If you notice any change at all, you may find the water has less of a chlorine odor or taste.
Most water softeners are not designed to remove chloramines.
It could. If the bottled water company uses water supplied by a water district that uses chloramines, then the water it provides will have chloramines in it, unless the company takes special steps to remove them.
No. You will still need a free chlorine residual to retard algae and bacteria growth. The chlorine chemicals and test kits you currently use can still be used with confidence. Contact your local pool supply store for any specific questions.
How about using chloraminated water on ornamental plants, vegetables or fruit and nut trees? Will beneficial soil bacteria be harmed?
The small amount of chloramines should have no effect on plants of any type. Beneficial bacteria will generally be protected by the soil in which they live. Chloramines will be removed by the high chlorine demand in the soil.
Chloramines are toxic to fish and must be removed from water, just as chlorine is toxic and must be removed. You may not have had to remove chlorine from your aquarium water, however, because it disappears rapidly on its own. This is not the case with chloramines and steps should be taken to remove chloramines. Most pet stores have sold dechlorinating agents for years and, generally, have recommended using them. The chemicals used to remove chlorine should work just as well for chloramines. Several manufacturers have been adding chloramine information on labels on their products for years.
No. Unlike chlorine, which dissipates when water sits for a few days, chloramines may take weeks to disappear. If you don't want to use a dechloraminating chemical, the next best solution is to install a granular activated filter and allow sufficient contact time.
If only a small amount of water is added to an aquarium or pond to make up for evaporative loss, do chloramines still have to be remove?
This will depend on the amount of water added in relation to the size of the aquarium or pond and the time period over which it's added. An alternative is to monitor for a total chlorine residual in the aquarium or pond while adding the chloraminated water rather than a free chlorine residual. For both chlorine and chloramine residuals, the total chlorine in the water used to keep fish should be kept below 0.1 mg/L. Total chlorine test kits are available from pet stores, pool supply stores and chemical supply houses.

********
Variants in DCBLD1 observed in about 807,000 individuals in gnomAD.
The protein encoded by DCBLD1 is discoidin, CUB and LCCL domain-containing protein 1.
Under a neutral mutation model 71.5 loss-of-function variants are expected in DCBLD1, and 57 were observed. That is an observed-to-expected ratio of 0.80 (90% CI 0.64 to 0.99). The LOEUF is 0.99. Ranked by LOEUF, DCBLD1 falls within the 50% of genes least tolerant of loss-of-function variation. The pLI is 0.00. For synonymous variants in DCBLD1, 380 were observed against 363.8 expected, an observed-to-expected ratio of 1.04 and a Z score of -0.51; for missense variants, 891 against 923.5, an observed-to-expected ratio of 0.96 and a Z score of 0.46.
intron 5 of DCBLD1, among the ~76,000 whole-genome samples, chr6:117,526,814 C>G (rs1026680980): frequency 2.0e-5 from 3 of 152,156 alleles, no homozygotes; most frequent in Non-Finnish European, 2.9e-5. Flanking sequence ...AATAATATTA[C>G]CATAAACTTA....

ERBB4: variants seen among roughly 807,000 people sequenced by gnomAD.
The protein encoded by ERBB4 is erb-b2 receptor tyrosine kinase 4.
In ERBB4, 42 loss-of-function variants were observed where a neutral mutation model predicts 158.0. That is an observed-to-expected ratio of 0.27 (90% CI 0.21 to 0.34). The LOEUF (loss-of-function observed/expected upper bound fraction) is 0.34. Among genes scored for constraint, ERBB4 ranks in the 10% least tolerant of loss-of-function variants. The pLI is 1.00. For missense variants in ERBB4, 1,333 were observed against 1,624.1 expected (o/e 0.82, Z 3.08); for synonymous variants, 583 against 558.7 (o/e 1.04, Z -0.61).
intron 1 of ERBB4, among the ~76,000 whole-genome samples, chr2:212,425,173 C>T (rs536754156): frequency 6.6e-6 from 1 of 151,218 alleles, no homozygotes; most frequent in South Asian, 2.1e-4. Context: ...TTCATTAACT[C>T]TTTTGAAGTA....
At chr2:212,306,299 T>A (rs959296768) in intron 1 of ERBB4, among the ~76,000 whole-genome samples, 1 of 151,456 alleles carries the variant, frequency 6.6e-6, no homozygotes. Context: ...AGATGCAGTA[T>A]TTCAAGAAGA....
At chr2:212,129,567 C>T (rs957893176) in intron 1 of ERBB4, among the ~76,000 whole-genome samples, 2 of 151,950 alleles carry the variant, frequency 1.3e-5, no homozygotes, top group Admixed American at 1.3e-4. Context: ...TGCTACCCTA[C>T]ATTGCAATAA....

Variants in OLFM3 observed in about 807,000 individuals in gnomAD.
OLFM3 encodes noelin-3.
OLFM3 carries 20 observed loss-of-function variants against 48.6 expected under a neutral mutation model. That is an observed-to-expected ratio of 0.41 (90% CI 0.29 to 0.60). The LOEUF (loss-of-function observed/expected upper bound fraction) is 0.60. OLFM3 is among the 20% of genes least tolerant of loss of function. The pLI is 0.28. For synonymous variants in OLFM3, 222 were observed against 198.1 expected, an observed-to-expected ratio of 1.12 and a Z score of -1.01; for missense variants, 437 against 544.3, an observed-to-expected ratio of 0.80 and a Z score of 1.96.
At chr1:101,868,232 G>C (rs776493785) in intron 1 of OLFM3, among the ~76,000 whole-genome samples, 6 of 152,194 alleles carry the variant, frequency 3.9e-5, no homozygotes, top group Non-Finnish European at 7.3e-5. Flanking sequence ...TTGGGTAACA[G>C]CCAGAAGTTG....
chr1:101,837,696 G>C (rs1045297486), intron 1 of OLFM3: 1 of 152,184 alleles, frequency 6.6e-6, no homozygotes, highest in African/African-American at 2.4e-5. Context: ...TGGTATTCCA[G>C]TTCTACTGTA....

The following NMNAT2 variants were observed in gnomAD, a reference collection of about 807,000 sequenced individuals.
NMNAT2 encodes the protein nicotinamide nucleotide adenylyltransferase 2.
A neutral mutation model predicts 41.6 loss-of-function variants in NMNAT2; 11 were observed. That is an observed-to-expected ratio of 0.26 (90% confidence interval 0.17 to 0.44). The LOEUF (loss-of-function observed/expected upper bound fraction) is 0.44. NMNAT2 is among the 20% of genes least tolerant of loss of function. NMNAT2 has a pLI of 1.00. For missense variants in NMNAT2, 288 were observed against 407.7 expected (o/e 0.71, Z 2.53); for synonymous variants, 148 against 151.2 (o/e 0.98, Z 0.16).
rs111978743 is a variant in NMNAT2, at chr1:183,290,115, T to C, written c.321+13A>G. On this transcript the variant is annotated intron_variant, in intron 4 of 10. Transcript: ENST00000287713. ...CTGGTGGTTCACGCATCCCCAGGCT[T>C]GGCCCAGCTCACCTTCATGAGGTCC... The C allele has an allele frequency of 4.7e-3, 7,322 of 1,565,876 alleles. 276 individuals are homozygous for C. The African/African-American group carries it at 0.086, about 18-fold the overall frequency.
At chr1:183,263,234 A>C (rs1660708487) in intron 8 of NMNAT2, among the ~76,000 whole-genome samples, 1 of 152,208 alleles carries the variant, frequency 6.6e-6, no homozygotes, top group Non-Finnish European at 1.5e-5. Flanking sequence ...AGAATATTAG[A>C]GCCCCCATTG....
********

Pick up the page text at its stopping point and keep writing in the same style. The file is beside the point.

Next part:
Chloramines will have to be removed if the water used to make salt water solution comes from a chloraminated supply. Chloramines affect salt water fish just as they effect fresh water fish.
No. Koi are just as susceptible to chloramines as any other fish.
Yes. However, it must contain high quality granular activated carbon and you must permit sufficient contact time.
No. Salts can be caught by the permeable membranes but chloramines pass through easily.
No. Boiling is not an effective method of removing chloramines from water. The only practical methods for removing chloramines from water are using a water conditioner which contains a dechlorination chemical or by using granular activated carbon.
Ask your pet supplier or read the instructions on the container or equipment.
Ammonia can be toxic to fish, although all fish produce some ammonia as a natural byproduct. Ammonia is also released when chloramines are chemically removed. Although ammonia levels may be tolerable in individual tanks or ponds, commercial products are available at pet supply stores to remove excess ammonia. Also, biological filters, natural zeolites and pH control methods are effective in reducing the toxic effects of ammonia.
They would be affected if the water in the channels or ponds is chloraminated. Most water that runs into channels, however, would be agricultural, landscaping or storm water drainage. After water has been used for one purpose, it probably would not have enough residual chloramines to affect the fish.
Will chloraminated water used for agricultural purposes have any effect on fish in adjacent streams?
Most water which runs into streams and ponds would be agricultural, landscaping or storm water drainage. After water has been used for one purpose, it probably would not have enough residual chloramine to affect fish.